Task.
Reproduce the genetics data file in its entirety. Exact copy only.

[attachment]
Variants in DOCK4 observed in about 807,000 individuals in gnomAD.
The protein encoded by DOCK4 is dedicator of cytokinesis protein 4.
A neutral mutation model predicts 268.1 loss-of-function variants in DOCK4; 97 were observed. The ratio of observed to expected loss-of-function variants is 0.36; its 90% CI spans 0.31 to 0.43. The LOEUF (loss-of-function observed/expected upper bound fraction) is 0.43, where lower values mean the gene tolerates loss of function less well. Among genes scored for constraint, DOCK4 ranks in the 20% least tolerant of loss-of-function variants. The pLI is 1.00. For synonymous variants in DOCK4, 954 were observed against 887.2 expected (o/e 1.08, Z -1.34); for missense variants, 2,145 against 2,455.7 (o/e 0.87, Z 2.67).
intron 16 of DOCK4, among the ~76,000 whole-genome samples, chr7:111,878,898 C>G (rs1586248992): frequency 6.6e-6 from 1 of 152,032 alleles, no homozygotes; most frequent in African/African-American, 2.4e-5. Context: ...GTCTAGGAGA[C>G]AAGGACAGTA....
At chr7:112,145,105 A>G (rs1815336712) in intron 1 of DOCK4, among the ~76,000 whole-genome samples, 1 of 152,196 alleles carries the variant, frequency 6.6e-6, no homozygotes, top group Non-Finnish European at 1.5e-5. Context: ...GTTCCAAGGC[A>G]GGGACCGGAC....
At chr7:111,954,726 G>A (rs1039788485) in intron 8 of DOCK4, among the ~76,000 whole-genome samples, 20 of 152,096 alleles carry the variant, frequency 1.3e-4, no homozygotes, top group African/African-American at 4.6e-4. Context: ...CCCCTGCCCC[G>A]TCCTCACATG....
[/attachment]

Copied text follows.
Variants in DOCK4 observed in about 807,000 individuals in gnomAD.
The protein encoded by DOCK4 is dedicator of cytokinesis protein 4.
A neutral mutation model predicts 268.1 loss-of-function variants in DOCK4; 97 were observed. The ratio of observed to expected loss-of-function variants is 0.36; its 90% CI spans 0.31 to 0.43. The LOEUF (loss-of-function observed/expected upper bound fraction) is 0.43, where lower values mean the gene tolerates loss of function less well. Among genes scored for constraint, DOCK4 ranks in the 20% least tolerant of loss-of-function variants. The pLI is 1.00. For synonymous variants in DOCK4, 954 were observed against 887.2 expected (o/e 1.08, Z -1.34); for missense variants, 2,145 against 2,455.7 (o/e 0.87, Z 2.67).
intron 16 of DOCK4, among the ~76,000 whole-genome samples, chr7:111,878,898 C>G (rs1586248992): frequency 6.6e-6 from 1 of 152,032 alleles, no homozygotes; most frequent in African/African-American, 2.4e-5. Context: ...GTCTAGGAGA[C>G]AAGGACAGTA....
At chr7:112,145,105 A>G (rs1815336712) in intron 1 of DOCK4, among the ~76,000 whole-genome samples, 1 of 152,196 alleles carries the variant, frequency 6.6e-6, no homozygotes, top group Non-Finnish European at 1.5e-5. Context: ...GTTCCAAGGC[A>G]GGGACCGGAC....
At chr7:111,954,726 G>A (rs1039788485) in intron 8 of DOCK4, among the ~76,000 whole-genome samples, 20 of 152,096 alleles carry the variant, frequency 1.3e-4, no homozygotes, top group African/African-American at 4.6e-4. Context: ...CCCCTGCCCC[G>A]TCCTCACATG....